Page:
Example:
The time is: 04:00 PM

5. It is used in differentiating the chapter and verse in the Bible.
Example:
Genesis 1: 3

6. It is used to introduce a quotation.
Example
Tammy says: “The patient dog no longer eats the fattest bone." 

7. It is used between sentences that are grammatically independent but closely connected in sense.
Example:
Study to acquire the habit of thinking: No study is more important. 

In sum, since punctuation marks are capable of altering the actual meanings of sentences, it is very important for language users to use them correctly and when necessary. This will also make their writings sophisticated.

Jun 4, 2018

Get the correct pronunciation of  these words: ewe, awe & aye

Get the correct pronunciation of these words: ewe, awe & aye


In terms of pronunciation, these are some of the numerous English words that can embarrass any second learner of the language maybe because there is no connection between their spellings and pronunciations. As a result, this article, with the use homophonic words, teaches second learners of the language how to pronounce these words correctly.
Get the correct pronunciation of  these words: ewe, awe & aye
1. Ewe
Ewe is the name of a female sheep, especially when fully mature. This word is pronounced the same as "you". In other words, "you" and "ewe" are homophones, that is, they are pronounced the same way but differ in meaning and spelling. It is phonetically transcribed as /ju:/ which is the exact transcription of the word, you.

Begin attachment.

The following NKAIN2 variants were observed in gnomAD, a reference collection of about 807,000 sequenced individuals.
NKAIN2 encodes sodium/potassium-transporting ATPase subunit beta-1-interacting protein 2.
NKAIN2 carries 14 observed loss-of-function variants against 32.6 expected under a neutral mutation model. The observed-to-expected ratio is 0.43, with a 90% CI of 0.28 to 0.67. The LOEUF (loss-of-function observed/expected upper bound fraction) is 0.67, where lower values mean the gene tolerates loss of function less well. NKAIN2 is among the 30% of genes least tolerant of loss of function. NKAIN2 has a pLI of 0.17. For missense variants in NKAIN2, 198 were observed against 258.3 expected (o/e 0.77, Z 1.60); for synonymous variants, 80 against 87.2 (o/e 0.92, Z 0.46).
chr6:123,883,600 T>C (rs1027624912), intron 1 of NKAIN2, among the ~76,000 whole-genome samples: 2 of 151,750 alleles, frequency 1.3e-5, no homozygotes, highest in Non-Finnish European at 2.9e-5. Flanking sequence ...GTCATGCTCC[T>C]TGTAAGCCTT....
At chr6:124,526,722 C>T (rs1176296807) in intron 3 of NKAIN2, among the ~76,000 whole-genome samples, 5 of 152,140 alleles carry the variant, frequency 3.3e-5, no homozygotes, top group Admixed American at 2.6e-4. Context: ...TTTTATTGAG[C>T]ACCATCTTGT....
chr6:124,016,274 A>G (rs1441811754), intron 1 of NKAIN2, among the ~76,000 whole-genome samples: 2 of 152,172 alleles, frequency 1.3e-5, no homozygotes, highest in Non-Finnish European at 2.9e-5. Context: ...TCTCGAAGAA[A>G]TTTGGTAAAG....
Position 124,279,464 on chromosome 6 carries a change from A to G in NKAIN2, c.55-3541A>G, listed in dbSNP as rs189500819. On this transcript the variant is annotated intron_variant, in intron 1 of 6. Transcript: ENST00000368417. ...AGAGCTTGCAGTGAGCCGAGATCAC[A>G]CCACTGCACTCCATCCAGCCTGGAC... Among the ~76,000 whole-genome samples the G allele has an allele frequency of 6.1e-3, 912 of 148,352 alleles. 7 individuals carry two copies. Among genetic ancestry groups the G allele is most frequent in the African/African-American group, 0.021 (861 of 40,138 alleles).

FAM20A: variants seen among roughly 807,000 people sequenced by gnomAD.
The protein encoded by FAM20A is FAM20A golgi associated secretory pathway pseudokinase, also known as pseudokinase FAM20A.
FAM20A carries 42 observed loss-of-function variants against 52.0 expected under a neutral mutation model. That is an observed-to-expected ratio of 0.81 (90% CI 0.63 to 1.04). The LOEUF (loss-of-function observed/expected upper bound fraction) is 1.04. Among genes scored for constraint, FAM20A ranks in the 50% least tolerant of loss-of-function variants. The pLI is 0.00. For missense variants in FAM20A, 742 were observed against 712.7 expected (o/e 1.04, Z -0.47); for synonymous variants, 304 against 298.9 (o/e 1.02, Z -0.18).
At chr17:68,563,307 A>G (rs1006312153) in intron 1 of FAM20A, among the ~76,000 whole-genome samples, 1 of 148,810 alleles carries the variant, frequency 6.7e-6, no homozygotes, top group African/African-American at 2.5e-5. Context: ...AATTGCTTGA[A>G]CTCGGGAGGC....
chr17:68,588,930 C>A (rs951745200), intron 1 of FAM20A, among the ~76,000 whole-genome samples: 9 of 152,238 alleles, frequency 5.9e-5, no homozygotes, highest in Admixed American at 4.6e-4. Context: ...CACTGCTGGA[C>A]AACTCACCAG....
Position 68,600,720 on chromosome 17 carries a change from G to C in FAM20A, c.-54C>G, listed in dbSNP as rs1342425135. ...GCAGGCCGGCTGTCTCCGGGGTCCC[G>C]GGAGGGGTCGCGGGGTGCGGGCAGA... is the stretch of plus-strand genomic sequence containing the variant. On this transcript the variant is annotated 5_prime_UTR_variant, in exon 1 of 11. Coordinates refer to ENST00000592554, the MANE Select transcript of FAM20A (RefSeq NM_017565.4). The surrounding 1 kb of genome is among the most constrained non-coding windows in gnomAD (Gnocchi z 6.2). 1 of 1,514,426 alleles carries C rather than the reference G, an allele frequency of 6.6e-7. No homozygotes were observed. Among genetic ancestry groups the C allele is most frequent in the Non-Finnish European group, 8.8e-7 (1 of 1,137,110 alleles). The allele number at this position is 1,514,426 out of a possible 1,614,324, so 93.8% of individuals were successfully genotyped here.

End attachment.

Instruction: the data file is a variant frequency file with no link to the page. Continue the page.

2. Awe
This word can function as a noun and a verb. As a noun, awe means a strong feeling of fear, admiration, wonder, reverence etc., caused by that which is grand or very powerful. For example, “The vastness of the forest filled me with awe.”


As a verb, awe means to fill someone with awe. If you are awed by someone or something, they make you feel respectful, amazed or frightened. For example, “Some persons are still awed by Tammy's unusual performance.”

Having its phonetic transcription as /ᴐ:/, awe is pronounced the same as "or".

3. Aye
If you are in support of Tammy's online English tutorials, say aye! And if you are not, say nay! Lol!  At least this should give you an idea as regards the pronunciation of this word. Aye is an affirmative answer, especially in voting. Aye means yes whereas nay means no. This word is pronounced the same as “eye” and “I”. Like “eye” and “I”, aye is phonetically transcribed as /aɪ/. This means that these words (eyeI and aye) are homophones.